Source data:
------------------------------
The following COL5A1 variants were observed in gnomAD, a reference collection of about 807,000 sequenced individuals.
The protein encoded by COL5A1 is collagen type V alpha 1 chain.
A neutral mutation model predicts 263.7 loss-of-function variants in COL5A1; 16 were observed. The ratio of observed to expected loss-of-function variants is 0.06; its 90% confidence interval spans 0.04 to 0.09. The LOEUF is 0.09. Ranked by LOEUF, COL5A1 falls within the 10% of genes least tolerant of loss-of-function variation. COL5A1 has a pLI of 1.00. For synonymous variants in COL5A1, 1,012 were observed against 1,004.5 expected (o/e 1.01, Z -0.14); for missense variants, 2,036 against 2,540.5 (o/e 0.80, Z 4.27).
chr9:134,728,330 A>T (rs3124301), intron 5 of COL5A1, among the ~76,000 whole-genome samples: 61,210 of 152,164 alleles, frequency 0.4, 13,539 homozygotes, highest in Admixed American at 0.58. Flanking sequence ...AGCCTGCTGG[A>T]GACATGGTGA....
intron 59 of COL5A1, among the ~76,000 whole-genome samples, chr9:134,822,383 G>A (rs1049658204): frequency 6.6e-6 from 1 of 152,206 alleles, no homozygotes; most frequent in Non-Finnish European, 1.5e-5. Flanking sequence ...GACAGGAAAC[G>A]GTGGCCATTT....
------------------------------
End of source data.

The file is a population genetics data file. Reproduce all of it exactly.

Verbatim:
The following COL5A1 variants were observed in gnomAD, a reference collection of about 807,000 sequenced individuals.
The protein encoded by COL5A1 is collagen type V alpha 1 chain.
A neutral mutation model predicts 263.7 loss-of-function variants in COL5A1; 16 were observed. The ratio of observed to expected loss-of-function variants is 0.06; its 90% confidence interval spans 0.04 to 0.09. The LOEUF is 0.09. Ranked by LOEUF, COL5A1 falls within the 10% of genes least tolerant of loss-of-function variation. COL5A1 has a pLI of 1.00. For synonymous variants in COL5A1, 1,012 were observed against 1,004.5 expected (o/e 1.01, Z -0.14); for missense variants, 2,036 against 2,540.5 (o/e 0.80, Z 4.27).
chr9:134,728,330 A>T (rs3124301), intron 5 of COL5A1, among the ~76,000 whole-genome samples: 61,210 of 152,164 alleles, frequency 0.4, 13,539 homozygotes, highest in Admixed American at 0.58. Flanking sequence ...AGCCTGCTGG[A>T]GACATGGTGA....
intron 59 of COL5A1, among the ~76,000 whole-genome samples, chr9:134,822,383 G>A (rs1049658204): frequency 6.6e-6 from 1 of 152,206 alleles, no homozygotes; most frequent in Non-Finnish European, 1.5e-5. Flanking sequence ...GACAGGAAAC[G>A]GTGGCCATTT....